Wednesday, December 8, 2010



Santa hos and Shatner shats; a not-so subtle Erich von Daniken parody; and thousands of ass-flattening hours watching the History Channel.

More details here.


Lloyd Darrow (Chris Clark) is the world’s premier “Santologist" or Santa Claus Expert whose glorious, lifelong and mostly futile attempt to prove the existence of Old Saint Nick is the focus of this incisive documentary.  The breadth of Darrow’s research has included first-hand accounts of Santa sightings from impish kids and questionably sober adults, alleged recordings of Santa sending X-mas wishes during séances, the interrogation of so-called Mall Santas who may be agents of a secret cabal to conceal the truth, and of course, a plethora of Santa-related archeological evidence:

The Aztecs loved their stocking of sacrificial heads on X-mas morn.

Also featured are his long-suffering but supportive wife Barbara (Lisa Clark), his sweet daughter, his increasingly disillusioned son, and enthusiastic research assistant Clarence (Daryn Tufts) who stands by Darrow's questionable certainty despite the odds.  The detail of their investigation in the days leading up to X-mas reveals the full scope of the Santa Conspiracy which provides explanations for  everything from crop circles (alternate landing fields for Santa’s sleight), to UFO sightings (Santa’s sleigh ride tests), to  the so-called “alien” body recovery at Roswell, NM in 1947:

All the autopsy revealed was three pounds of semi-digested sugar cookies.

The passion that drives Darrow and his protégé Clarence is finding out the identity of who or what is suppressing public knowledge of Santa's existence, and they come up with some pretty reasonable answers.  For example, if Santa – the universal gift giver – existed, parents would be able to save their money at the end of the year, or perhaps invest in a certain masked movie blogger’s Hamdinger franchise.  Santa’s free goody giveaway would result in economic ruin as well as a shitload of leftover candy canes.  While the rest of the world mocks him, Darrow perseveres and his belief is bolstered by the appearance of mysterious characters that enter his life with secret information and stories about governmental interference in the truth about Santa Claus.  In the end, we are presented with a livid portrait of a man obsessed with unraveling that which cannot – and perhaps should not – be unraveled, and the truth may reveal a stocking filled with glittering lies, a Pandora’s box of tinseled chaos, a time bomb of elfin deceit.  Insert gratuitous fruitcake joke here.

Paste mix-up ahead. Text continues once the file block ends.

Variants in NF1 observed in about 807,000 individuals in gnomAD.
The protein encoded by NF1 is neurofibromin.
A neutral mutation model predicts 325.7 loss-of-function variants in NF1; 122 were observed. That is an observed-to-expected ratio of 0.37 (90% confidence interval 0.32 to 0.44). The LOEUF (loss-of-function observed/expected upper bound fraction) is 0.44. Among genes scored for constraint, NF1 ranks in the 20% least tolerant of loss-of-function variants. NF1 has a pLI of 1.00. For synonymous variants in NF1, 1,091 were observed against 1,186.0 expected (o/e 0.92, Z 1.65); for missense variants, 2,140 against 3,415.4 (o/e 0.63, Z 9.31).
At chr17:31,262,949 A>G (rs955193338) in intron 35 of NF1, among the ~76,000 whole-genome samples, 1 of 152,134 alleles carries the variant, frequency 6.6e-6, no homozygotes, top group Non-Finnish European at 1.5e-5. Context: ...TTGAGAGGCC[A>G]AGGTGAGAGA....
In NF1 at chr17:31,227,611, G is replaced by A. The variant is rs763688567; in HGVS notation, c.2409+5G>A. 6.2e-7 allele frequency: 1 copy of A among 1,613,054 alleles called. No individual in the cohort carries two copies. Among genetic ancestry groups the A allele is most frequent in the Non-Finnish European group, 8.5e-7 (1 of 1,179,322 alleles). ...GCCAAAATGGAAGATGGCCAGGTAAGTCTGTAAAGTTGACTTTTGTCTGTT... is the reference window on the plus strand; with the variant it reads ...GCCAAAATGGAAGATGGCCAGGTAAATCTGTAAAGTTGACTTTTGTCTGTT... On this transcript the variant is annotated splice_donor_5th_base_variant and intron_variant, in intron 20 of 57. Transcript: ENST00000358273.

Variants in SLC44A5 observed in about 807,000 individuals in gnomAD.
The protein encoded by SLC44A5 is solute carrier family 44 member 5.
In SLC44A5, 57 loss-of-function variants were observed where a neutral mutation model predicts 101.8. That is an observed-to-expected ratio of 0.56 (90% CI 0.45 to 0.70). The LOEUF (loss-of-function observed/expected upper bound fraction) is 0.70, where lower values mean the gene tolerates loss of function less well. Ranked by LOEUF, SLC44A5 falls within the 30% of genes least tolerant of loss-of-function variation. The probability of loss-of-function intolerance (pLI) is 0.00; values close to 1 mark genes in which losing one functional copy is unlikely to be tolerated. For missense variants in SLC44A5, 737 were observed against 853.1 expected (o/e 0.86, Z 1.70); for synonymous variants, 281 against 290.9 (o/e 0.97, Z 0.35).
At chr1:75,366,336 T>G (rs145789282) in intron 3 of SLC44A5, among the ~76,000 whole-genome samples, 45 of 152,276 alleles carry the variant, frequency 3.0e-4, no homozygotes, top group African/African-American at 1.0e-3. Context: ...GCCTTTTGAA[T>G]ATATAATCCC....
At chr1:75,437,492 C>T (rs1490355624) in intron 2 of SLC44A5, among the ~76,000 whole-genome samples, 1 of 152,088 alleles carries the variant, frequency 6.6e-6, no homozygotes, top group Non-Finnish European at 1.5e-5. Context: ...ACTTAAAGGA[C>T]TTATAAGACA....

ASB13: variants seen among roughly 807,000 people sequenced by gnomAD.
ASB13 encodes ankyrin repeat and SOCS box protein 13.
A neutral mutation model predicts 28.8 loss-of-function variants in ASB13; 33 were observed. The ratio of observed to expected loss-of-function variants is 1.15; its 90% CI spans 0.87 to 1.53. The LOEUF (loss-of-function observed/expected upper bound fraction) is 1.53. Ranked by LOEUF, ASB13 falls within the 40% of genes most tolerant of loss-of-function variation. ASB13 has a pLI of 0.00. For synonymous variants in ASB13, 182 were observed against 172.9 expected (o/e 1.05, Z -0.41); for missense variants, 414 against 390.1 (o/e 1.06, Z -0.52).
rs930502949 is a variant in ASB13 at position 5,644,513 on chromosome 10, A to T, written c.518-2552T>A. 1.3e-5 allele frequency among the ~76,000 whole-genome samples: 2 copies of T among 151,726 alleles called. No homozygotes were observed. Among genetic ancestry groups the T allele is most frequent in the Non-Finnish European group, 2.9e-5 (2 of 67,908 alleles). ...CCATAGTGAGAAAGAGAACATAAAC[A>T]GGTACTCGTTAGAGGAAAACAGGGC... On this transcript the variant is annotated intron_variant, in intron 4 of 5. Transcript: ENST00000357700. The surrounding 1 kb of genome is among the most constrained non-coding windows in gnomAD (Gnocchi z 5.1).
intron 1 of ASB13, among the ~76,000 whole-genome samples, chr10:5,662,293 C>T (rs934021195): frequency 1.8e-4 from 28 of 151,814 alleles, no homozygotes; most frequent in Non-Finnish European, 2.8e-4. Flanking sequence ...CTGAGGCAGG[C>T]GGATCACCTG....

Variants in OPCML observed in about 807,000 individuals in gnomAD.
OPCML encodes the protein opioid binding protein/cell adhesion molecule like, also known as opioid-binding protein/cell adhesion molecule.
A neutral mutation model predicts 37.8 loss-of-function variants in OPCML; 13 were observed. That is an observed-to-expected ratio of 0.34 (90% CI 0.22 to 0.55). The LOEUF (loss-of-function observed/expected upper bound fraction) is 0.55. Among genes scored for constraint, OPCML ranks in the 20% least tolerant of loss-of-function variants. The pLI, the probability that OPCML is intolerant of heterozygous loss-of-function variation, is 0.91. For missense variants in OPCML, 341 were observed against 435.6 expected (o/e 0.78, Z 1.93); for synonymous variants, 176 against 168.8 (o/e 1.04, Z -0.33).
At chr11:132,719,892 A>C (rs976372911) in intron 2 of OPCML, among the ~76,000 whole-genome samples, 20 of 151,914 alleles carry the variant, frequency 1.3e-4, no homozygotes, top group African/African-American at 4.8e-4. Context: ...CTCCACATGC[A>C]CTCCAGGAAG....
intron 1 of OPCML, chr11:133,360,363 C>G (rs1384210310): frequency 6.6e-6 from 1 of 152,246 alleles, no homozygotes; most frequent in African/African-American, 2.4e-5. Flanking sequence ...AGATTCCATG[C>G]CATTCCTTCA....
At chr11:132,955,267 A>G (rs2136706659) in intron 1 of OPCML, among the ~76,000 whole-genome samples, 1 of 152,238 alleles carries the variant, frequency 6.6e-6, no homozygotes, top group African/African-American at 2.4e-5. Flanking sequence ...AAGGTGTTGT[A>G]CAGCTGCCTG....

I might be talking out the business end of my hinder but when it’s all said and done, the 2000s will be known for one thing and one thing only: the post-Spinal Tap reemergence of the mockumentaryStalking Santa is a great idea for a fake documentary and its X-mas chuckles, creative enthusiasm, spirited performances, and awesome William Shatner narration make for light fare and fun times.    Filmed perhaps to perfection in the style of any History Channel UFO documentary with hints of The Office, the movie hits its comedic notes consistently and the production values in terms of the Santa “evidence”, eyewitness accounts, and interviews are smart and well-done.  Interspersed between the wackiness are interviews with real kids sharing their feelings about Santa.  For the most part, these sequences are cute but not very memorable.  Well except for this one little girl. 

Trust me, this kid steals the show.
The movie for the most part avoids most of the pitfalls of lesser mockumentaries that could have sunk its subtle humor and deadpan delivery and provides some good laughs without getting too wacky or off-topic.  If Santa does indeed exist, and duh he does, maybe he’ll put this fun little movie in your movie stocking.  That is, if you haven’t been a complete asshole this year.

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